Responding to press reports that the company was being shuttered, Key Porter issued a statement yesterday that read, in part:
Key Porter Books is considering a number of restructuring options, including the sale of certain titles in its valuable catalogue of Canadian works, all with a view to continuing as a leader in the Canadian publishing industry. In the meantime, Key Porter Books is supporting its authors through the continued marketing and sale of previously published works and distribution through H.B. Fenn and Company Ltd.
The restructuring follows the abrupt lay offs of 11 staff members last September. At that time, the downtown Toronto offices of Key Porter were closed and the remaining staff relocated to Fenn’s head offices in Bolton, Ontario. In the wake of the company’s latest setback this week, Key Porter publisher Jordan Fenn said that Key Porter’s books have “played a leading role in giving a voice to the Canadian story” and pledged to “do everything possible to ensure that voice continues to be heard.”
Rebecca Eckler’s debut novel for adults, The Lucky Sperm Club, which was originally slated for publication last fall, will be released by Key Porter this month. Other Key Porter authors are not so lucky. Mark Bourrie, whose non-fiction book The Fog of War was scheduled for release on January 25, found out that publication was suspended only on Wednesday, when he received an e-mail from Jordan Fenn. The e-mail, which Bourrie posted to his blog, cites “current market conditions” that forced the company to undergo “drastic changes … to adjust and strengthen [its] position.” As for why Bourrie, who as recently as this past week had been setting up media appearances in advance of the publication of his book, was only alerted to the situation on Wednesday, Fenn blames “a significant breakdown in communication”:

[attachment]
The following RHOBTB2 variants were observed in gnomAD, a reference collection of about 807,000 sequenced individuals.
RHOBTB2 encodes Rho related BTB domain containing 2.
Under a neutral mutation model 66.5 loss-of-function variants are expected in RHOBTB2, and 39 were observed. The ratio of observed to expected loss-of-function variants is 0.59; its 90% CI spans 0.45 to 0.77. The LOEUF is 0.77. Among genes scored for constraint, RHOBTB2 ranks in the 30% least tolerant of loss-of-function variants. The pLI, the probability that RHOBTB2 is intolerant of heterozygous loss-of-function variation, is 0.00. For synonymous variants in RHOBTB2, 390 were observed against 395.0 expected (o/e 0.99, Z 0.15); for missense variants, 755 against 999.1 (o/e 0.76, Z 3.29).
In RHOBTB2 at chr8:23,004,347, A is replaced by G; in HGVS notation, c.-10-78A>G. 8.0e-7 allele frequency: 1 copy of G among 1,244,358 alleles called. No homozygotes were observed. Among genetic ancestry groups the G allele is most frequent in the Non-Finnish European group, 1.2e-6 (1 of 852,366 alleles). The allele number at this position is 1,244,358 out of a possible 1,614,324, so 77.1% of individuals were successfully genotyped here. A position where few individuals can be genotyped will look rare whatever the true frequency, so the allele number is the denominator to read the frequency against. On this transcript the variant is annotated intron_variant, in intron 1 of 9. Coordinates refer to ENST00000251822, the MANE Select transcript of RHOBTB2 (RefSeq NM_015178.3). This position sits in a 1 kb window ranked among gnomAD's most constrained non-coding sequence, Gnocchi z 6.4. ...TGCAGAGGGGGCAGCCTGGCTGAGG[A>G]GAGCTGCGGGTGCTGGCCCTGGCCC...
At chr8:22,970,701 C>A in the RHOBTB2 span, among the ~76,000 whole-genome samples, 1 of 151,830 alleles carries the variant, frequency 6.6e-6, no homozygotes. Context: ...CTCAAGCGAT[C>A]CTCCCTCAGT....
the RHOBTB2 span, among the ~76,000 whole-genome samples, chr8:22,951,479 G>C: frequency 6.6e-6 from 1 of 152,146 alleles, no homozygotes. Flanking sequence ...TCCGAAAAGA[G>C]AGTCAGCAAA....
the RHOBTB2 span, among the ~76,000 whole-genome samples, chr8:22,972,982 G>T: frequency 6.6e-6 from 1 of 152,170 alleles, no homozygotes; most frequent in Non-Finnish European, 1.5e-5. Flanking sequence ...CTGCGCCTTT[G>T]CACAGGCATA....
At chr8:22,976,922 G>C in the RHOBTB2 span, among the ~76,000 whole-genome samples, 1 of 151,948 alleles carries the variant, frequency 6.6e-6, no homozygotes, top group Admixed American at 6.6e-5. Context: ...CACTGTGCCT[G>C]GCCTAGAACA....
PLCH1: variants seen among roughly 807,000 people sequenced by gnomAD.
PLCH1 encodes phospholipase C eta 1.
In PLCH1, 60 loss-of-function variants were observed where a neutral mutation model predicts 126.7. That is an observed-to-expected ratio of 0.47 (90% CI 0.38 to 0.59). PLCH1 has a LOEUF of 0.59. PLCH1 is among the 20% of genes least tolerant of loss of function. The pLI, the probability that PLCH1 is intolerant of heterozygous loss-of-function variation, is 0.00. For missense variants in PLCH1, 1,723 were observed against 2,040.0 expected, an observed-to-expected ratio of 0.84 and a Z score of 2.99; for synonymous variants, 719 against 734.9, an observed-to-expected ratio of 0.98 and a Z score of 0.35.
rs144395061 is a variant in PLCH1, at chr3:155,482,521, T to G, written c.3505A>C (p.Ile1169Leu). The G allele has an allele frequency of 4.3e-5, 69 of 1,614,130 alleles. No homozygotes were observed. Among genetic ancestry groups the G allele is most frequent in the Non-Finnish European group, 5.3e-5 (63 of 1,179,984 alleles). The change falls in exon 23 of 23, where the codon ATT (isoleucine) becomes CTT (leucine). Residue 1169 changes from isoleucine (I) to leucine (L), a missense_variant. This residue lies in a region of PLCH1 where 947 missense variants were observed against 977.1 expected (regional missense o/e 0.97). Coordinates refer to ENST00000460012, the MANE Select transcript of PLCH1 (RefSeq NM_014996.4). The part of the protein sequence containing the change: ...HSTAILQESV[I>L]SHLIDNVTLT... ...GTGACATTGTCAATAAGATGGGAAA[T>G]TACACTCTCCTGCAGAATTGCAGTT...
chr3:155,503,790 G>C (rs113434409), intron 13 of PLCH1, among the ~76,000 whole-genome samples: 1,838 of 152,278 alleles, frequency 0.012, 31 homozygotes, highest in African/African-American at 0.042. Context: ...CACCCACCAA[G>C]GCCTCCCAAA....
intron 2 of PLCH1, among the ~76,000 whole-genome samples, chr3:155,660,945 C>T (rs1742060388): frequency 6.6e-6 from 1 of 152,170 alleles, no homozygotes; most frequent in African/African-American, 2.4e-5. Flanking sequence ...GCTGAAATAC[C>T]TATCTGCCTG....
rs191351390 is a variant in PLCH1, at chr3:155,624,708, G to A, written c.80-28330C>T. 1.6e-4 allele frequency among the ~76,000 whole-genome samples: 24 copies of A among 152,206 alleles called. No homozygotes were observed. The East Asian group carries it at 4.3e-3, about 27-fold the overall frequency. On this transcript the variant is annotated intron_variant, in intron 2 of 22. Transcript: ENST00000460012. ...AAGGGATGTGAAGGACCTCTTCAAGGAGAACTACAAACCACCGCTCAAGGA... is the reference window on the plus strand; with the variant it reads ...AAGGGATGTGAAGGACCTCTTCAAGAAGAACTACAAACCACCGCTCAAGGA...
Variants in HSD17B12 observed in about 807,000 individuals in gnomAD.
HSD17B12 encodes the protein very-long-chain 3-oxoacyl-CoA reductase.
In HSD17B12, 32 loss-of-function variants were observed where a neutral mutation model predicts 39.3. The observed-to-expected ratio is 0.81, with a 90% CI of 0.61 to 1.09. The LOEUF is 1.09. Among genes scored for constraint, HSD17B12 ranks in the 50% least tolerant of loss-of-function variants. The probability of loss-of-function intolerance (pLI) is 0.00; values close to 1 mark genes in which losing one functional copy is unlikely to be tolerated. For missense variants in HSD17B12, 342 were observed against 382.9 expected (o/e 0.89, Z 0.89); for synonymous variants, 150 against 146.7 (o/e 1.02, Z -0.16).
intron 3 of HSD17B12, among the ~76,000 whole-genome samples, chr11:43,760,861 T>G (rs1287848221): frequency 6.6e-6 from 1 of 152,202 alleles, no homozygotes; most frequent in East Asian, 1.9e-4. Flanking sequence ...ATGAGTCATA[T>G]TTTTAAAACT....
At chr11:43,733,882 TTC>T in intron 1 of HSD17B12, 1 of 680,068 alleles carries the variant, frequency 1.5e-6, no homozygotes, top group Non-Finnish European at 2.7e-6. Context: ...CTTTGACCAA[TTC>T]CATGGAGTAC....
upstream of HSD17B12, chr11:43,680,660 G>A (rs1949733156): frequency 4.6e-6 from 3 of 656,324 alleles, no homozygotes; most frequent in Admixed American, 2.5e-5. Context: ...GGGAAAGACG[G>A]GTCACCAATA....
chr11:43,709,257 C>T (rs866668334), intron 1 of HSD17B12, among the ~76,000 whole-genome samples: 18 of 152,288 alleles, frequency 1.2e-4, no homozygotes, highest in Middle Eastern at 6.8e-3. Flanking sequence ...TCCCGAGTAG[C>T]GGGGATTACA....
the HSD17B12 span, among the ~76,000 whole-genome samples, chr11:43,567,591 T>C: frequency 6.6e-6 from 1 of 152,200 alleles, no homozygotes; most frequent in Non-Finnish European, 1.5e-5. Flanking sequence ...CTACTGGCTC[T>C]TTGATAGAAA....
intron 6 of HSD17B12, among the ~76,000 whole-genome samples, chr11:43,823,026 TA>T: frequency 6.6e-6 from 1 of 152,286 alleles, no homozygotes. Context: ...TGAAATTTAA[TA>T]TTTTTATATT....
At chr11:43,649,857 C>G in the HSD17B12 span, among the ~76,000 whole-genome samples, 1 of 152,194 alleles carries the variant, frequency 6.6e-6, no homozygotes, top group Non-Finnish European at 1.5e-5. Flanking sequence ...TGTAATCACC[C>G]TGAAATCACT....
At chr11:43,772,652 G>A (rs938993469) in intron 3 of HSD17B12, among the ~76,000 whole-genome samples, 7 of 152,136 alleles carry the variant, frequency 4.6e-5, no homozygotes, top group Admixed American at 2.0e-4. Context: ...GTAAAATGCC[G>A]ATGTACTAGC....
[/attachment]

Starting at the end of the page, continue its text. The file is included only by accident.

It would seem that several members of our team were all thinking that the other had spoken with you, while in reality none of us had. This is regrettable. This is embarrassing and I suspect this is incredibly upsetting, frustrating, angering, and disappointing for you.
In fact, it is more than regrettable. The fact that an author who was expecting the imminent release of his book – to the extent that he secured an excerpt on his own in the Halifax Chronicle-Herald – should not be made aware of the publication’s suspension until two weeks before the book is due out is unconscionable. And despite protestations to the contrary, when a publishing house suspends its operations, it is incumbent upon the publisher to alert the affected authors. No buck passing is allowed in this situation.
Although it probably will come as cold comfort to Bourrie, it appears he was not the only person affected by Key Porter’s communication breakdown. The Globe and Mail quotes agent Rick Broadhead, who has several authors signed to the house, as saying that of late he has not “received any official communication from [Key Porter] at all.” The same article quotes Julie Devaney, whose book My Leaky Body was scheduled for release in April:
So to not be in contact with us through that process … to let people go through the whole process of finishing our books, finishing our edits, talking about marketing, talking to people outside of the publisher about ways that we might be cross-promoting our books, things like that – and then letting us find out from the media … I think it’s totally inappropriate and disrespectful.
Indeed. Alternatively, it could just be January in Canadian publishing.